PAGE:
The dawn of World War II in 1941 saw many of the movie stars heading off to war and war was the major theme of movies at that time. The movie industry cut advertising costs and used cheaper paper for posters due to the paper shortage of wartime.

By the 1970’s, movie posters used photography, occasionally using drawing and painting styles. Movie posters at this time were being printed on a clay-coated paper, which gave them a glossy finish. Star Wars and Star Trek posters were the most popular posters of the time and are still collected by many today.

In the 1980’s, the age of the special effects blockbuster, the mini sheet was invented, and video stores became popular, thus the video store poster was created. Today, reprints of movie posters are mass-produced and sold in many stores or are just a click away on the Internet.There are several types of movie posters. Because of their rarity, the avid movie poster collector has concentrated on movie poster or theater art. These are the posters that are delivered and displayed by the movie theaters and then intended to be thrown away. Another type of movie poster is the commercial poster, which is mass-produced for direct sale to the public. Video posters are distributed to video rental stores for advertising material. Cable and TV posters are use as promotional material for TV stations for their programming. Like theater art, video posters and cable and TV posters are not produced for the public. Although not as valuable as theater art, these types of posters are still popular among collectors. Special promotion posters promote a movie along with a product. Finally, there are anniversary issues, limited editions, and special releases that are released in limited quantities and are gaining favor with the theatre art collector. Other types of movie posters include advance posters that promote a movie well ahead of the movie’s release. The award poster, which indicates that a movie has won an Academy award. The combo poster, advertising two movies instead of just one. The popular double-sided poster that has art on both sides, with the artwork reversed on one side of the poster. There are featurette posters highlighting short films or cartoons, review posters for when a movie gets a good review, serial posters for movie serials, and special distribution posters.

With the popularity of movie posters has come the necessity to create various sizes of posters. The first and most widely used poster is the one sheet, which is usually 27″ x 41″. The subway, also known as the two sheet, is larger but not exactly two times the size of the one sheet. The 3 sheet is three times the size of the one sheet measuring at 41″ x 81″. The 6 sheet is six times the size of the one sheet measuring of 81″ x 81″. There is also a 12 sheet approximately twelve times the size of a one sheet, and the colossal sized 24 sheet measuring 246″ x by 108″. Other sizes include the mini sheet, which is usually much smaller than the one sheet and comes in a variety of sizes, and the stock sheet issued for cartoons or other shorts.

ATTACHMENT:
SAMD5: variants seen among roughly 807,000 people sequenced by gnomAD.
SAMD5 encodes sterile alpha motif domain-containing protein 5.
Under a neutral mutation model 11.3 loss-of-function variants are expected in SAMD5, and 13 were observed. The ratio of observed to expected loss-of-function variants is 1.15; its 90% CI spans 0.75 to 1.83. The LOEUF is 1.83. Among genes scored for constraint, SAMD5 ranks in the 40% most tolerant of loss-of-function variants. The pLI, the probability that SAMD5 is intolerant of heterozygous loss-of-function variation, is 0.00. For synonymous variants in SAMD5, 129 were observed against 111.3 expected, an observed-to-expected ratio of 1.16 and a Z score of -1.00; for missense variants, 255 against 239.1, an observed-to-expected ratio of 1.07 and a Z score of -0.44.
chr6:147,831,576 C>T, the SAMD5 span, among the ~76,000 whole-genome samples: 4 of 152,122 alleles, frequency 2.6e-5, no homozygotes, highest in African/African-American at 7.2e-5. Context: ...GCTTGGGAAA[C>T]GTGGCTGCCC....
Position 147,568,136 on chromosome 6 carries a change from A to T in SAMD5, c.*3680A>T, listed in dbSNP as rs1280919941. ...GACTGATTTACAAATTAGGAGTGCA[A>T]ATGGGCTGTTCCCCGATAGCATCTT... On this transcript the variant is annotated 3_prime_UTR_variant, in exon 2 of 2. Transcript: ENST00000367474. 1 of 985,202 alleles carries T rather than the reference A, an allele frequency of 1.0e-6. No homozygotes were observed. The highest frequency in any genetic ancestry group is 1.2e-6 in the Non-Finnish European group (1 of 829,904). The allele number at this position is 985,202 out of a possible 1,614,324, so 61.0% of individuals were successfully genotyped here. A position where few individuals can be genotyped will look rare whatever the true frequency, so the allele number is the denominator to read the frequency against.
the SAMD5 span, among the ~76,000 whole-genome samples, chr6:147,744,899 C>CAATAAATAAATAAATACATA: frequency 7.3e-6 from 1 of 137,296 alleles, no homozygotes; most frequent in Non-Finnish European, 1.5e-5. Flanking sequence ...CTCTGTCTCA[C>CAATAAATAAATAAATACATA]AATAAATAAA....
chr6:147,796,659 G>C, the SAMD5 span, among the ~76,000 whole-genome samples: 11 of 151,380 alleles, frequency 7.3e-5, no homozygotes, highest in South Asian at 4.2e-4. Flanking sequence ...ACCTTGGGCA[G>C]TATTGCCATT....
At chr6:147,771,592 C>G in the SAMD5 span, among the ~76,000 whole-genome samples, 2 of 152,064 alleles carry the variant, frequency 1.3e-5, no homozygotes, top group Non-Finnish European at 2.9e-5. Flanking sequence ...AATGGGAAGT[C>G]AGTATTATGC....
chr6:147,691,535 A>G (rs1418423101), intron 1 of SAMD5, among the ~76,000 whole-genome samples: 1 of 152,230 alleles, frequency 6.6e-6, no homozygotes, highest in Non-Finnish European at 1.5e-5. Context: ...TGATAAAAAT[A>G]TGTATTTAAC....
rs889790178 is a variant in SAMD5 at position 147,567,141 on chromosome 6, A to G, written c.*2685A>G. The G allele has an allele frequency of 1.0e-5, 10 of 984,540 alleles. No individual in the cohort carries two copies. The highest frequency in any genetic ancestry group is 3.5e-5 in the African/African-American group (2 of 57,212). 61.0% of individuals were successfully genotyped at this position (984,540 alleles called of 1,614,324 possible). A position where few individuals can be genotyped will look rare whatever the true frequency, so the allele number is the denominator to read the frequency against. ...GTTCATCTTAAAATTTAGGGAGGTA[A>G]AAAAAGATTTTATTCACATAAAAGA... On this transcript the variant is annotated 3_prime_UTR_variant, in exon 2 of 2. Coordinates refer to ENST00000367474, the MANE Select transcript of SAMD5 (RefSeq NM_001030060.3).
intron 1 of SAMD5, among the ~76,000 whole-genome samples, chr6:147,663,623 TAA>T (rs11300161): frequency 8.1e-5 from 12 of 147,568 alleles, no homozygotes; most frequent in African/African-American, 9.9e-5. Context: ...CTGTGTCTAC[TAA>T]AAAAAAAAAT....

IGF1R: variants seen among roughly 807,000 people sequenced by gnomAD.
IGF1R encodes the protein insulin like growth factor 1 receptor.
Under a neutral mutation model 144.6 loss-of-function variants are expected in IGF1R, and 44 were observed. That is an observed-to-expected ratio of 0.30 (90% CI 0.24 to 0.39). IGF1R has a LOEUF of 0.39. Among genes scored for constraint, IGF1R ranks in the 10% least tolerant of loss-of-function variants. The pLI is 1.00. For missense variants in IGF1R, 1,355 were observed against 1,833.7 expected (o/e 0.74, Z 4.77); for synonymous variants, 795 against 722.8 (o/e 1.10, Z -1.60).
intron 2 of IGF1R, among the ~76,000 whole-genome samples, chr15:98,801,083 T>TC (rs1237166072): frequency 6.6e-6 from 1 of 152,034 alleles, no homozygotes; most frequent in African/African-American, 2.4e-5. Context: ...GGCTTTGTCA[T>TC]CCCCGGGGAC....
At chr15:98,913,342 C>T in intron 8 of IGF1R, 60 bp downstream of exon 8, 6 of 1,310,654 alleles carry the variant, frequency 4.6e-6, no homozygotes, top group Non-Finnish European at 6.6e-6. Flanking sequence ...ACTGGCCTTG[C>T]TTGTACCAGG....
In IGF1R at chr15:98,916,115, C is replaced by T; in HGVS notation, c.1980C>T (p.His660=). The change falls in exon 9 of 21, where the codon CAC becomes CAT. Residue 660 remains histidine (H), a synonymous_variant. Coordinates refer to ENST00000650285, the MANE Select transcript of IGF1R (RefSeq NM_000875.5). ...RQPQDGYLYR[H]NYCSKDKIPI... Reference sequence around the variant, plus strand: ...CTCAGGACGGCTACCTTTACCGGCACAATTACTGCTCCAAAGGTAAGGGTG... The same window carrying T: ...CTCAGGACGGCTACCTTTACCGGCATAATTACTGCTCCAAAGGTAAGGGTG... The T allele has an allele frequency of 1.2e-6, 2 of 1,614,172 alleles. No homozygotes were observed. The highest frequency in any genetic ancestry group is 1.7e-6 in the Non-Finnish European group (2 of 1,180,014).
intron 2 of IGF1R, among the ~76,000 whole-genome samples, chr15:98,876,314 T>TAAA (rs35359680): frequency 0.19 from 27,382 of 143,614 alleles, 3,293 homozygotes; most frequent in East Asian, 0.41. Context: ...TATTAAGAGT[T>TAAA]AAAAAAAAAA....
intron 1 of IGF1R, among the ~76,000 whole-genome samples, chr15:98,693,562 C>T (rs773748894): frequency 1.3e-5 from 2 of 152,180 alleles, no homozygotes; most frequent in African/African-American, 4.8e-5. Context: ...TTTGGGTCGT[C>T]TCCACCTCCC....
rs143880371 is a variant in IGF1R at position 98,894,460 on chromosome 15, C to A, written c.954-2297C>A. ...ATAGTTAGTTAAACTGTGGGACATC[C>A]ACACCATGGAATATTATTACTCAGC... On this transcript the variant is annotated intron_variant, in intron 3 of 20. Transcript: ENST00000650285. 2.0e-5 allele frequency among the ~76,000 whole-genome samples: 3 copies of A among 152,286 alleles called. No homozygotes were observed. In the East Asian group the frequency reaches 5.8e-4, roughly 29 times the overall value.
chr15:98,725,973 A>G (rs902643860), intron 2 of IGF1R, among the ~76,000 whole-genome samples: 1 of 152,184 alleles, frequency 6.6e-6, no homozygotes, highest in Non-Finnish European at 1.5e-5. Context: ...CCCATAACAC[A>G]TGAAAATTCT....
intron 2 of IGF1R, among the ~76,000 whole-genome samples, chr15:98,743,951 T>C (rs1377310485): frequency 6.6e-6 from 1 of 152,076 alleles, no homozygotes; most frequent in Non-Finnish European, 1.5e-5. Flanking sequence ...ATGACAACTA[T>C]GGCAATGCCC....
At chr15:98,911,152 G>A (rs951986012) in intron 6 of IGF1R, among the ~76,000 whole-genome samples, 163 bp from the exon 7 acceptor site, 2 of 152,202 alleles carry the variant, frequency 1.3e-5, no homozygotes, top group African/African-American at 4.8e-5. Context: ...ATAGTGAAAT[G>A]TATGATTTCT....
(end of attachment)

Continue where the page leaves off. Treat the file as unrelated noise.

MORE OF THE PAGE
As with all collectibles, condition is a great factor when placing a value on posters. A movie poster’s value is determined by demand, rarity, and condition. Poster collectors use the same grade system used by comic book collectors: mint (perfect), near mint, very good, good, fair, and poor.

For those who want to be serious movie poster collectors, you will need to know some things about taking care of your movie poster art.

Tips to retain the total collectable value of movie posters
Never alter the appearance of a poster. Do not fold, bend, tear, or punch holes in it even to hang it on your wall.

Never place a movie poster in direct sunlight. UV lights can also be harmful.

Don’t write on your poster, even on the back. Marks on the back can sometimes be seen from the other side, taking away from the poster’s value.

Never put tape on the front of a poster even to repair tears. If you do use tape, use acid free tape available from an art supply shop, and place the tape on the back. For expensive movie art take it to a professional to be restored. Posters can be restored the same way rare comic books are professionally restored.

When shipping posters use thick poster tubes or bubble envelopes.
For long time storage, frame, or place the poster in a plastic bag or tube, and keep it in a cool dry climate.

When framing a poster do not dry mount it, and use an acid free backing board.

Now that you know a little more about movie posters and movie poster collecting, go ahead, start collecting!